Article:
EuroAsia Interconnector is placed at the top of the list of priority projects included in the Commission’s impact assessment report, reviewing the proposal for European green bonds that will fund clean energy efforts over the next 30 years.
This initiative is part of the European Commission’s 2021 Work Programme.
It is one of the actions proposed by the EC to implement the European ‘Green Deal’ to reach climate goals and inject funds into local economies as part of the Covid-19 Recovery and Resilience Fund.
The 1,208km subsea electricity cable that links the national grids of Israel, Cyprus, and Greece, is one of nine major energy projects identified by advisory EY as “shovel-ready projects with the potential to create social, environmental, and economic value over the next two years.”
It is considered a ‘mature project’ and successfully included in successive Union lists of projects of common interest (PCIs), making it eligible for funding from the Connecting Europe Facility that is bankrolling clean energy projects.
The Cyprus government is expected to boost the EuroAsia Interconnector as part of the RRF to help the island meet its zero-carbon emission targets by or before the 2050 target.
The Dutch newspaper De Volkskrant said the European Commission proposed Tuesday to establish a ‘gold standard’ for green bonds.
It said to rid the European energy, and transport system of fossil fuels, about €350 bln is needed each year to achieve the additional target and previously planned investments.
Part of this money can come from the Covid-19 recovery fund, but participation by the financial sector is indispensable because this is where the bulk of the money is.
The financial paper Het Financieele Dagblad reported that large companies and financial institutions must be open about how sustainable their activities, investments and loans are.
Brussels hopes this will encourage the business community to become more aware of climate change and thus encourage good behaviour.
By 2050, the European Union must be the first ‘climate neutral’ continent that no longer emits any net carbon dioxide (CO2).
To accomplish this goal, governments desperately need the help of private investors and the business community, the Commission’s Executive Vice-President Valdis Dombrovskis said on Tuesday.
Bonds for green investment
To raise extra money for the climate approach, the European Commission also proposed the arrival of a new European green bond that should boost the small but fast-growing green investment market.
According to an EU official, that amounts to €1 bln, or 2% to 4% of the total number, but increases by 40% annually.
Broadcaster RTL 4 said that Commission EVP Frans Timmermans would present his climate plans next week.
Among the plans is the end of cars with a diesel or gasoline engine by 2035, while purchasing an electric car will become much more attractive.
After Timmermans presents his plans, the 27 member states and the European Parliament need to agree about the measures.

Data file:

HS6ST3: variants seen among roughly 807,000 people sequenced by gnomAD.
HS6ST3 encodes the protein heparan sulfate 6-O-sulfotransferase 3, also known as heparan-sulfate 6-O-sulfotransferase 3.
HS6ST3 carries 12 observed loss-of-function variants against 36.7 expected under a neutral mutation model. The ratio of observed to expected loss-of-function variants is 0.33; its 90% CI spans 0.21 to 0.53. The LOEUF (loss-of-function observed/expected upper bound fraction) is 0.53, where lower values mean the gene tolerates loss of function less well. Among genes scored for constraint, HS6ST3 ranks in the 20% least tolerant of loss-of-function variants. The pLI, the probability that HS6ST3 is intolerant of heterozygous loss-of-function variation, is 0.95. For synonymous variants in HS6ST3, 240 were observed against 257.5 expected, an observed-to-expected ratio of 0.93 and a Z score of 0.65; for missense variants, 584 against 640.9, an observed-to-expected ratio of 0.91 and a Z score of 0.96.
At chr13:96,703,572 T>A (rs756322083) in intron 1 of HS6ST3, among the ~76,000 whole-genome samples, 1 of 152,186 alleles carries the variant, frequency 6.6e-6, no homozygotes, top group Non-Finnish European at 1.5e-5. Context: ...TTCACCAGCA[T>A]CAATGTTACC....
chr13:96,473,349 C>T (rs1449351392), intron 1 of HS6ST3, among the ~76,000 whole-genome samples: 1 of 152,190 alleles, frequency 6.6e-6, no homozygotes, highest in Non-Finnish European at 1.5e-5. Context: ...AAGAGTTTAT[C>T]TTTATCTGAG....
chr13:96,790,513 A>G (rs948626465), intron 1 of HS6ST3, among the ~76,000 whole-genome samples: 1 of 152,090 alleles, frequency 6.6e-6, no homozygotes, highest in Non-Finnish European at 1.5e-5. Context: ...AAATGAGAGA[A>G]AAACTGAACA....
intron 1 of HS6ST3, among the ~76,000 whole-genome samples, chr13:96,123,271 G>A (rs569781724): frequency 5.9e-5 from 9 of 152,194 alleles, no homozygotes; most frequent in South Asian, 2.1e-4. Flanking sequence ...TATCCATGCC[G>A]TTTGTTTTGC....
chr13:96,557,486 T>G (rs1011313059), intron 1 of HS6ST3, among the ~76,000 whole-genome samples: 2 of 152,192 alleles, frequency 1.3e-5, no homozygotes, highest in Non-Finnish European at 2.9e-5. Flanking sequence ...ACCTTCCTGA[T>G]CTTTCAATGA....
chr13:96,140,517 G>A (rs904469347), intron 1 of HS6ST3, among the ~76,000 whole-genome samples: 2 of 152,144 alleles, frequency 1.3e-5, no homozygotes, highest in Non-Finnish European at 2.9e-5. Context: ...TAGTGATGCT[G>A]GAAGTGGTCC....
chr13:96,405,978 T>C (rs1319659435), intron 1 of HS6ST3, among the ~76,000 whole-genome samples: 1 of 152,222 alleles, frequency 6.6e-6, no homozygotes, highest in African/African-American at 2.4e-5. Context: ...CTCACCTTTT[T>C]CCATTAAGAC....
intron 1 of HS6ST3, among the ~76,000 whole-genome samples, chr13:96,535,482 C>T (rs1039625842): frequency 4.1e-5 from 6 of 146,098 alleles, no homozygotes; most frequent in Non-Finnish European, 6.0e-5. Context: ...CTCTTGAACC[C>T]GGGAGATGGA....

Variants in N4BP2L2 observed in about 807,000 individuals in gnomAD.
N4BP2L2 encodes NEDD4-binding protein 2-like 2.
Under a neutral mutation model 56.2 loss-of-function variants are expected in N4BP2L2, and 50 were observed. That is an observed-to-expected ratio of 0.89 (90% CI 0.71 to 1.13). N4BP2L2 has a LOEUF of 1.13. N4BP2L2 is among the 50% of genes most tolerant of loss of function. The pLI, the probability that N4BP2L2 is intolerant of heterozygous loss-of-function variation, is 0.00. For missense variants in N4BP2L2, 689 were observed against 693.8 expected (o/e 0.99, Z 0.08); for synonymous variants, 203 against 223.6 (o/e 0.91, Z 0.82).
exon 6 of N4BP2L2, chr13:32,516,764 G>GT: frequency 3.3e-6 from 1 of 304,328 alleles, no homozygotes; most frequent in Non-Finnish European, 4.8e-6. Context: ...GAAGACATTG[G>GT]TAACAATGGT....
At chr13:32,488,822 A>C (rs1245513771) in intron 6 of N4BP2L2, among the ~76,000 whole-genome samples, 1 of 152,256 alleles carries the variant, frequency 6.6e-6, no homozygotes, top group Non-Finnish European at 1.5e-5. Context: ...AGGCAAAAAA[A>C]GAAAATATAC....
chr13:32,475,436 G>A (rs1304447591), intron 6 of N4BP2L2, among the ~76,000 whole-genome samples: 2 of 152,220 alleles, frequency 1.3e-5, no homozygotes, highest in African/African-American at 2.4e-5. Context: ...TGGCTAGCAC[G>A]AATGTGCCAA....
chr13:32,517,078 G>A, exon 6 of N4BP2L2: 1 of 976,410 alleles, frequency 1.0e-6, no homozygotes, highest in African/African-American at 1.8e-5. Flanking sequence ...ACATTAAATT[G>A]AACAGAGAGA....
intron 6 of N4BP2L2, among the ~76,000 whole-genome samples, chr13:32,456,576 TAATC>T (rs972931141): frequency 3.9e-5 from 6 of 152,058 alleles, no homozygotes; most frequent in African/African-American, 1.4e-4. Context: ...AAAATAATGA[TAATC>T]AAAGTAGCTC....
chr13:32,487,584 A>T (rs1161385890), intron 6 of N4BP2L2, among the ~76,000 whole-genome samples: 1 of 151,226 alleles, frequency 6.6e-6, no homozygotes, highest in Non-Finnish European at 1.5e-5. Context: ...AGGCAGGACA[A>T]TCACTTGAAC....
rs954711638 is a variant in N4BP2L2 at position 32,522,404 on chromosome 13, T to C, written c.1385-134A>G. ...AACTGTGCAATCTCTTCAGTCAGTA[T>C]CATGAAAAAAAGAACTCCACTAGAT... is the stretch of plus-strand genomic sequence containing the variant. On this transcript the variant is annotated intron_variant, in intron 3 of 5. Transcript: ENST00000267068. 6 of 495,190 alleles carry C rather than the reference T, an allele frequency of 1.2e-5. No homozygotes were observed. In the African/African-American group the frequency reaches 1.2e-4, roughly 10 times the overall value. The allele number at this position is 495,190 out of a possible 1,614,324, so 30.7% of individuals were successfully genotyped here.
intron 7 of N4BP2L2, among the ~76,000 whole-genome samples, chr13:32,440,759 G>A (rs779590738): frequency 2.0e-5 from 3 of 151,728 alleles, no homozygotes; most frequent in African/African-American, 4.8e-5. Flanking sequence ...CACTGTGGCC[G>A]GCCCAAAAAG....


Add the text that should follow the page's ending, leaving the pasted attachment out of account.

The RRF is on the agenda of Thursday’s talks in Cyprus between the government and Commission President Ursula von der Leyen.
She met firefighters in the wildfire area that destroyed 55 sq. km. of forest and killed four people over the weekend and will deliver the government’s Recovery & Resilience Plan approval.
The EY report identified over 1,000 projects across the EU27, which are developed and only need the last push to be realised.
“Together, these projects represent an aggregate investment of €200 bln, distributed evenly in all EU27 countries,” the EC impact assessment report said.
EY estimates the list of 1,000 projects “only captures about 10% of green projects currently under development, meaning that the potential is much larger.”
According to EY, the entire EU pipeline of green projects could be as high as €1 trln.
“Central and Eastern European countries perform very well in identifying green projects: Cyprus, Croatia and Slovakia have the highest ratio of projects per million inhabitants and outperform large economies in producing projects.”
Cyprus behind Sweden
EY ranked Cyprus second behind Sweden among the number of projects per million inhabitants, with 8.3 compared to Sweden’s 8.5 and ahead of Slovakia and Croatia with 8.1 and 8.0, respectively.
“In relative terms, several Eastern or South-Eastern countries outperform the largest EU economies.”
EY said the breakdown of projects per country has also been analysed in relative share to population.
“The result indicates that a high relative proportion of projects has been reached in Sweden, Cyprus, Slovakia, Croatia, Estonia, Luxembourg and the Czech Republic.
“This may reflect the dynamism of investors and of project or technology developers active in the sectors covered by the analysis.”
The other priority energy projects include wind farms in Estonia, Finland and Ireland, a floating solar system in Germany, solar parks in Slovakia and Spain, thermal seasonal energy storage in Sweden and the Crete-Attica electricity interconnector, to which the €2.5 bln EuroAsia Interconnector is designed to hook up with.
The green bonds will also support transport projects – electric buses in Bulgaria, Italy, the Czech Republic and Slovakia, a self-sustaining solar passenger ship in Croatia.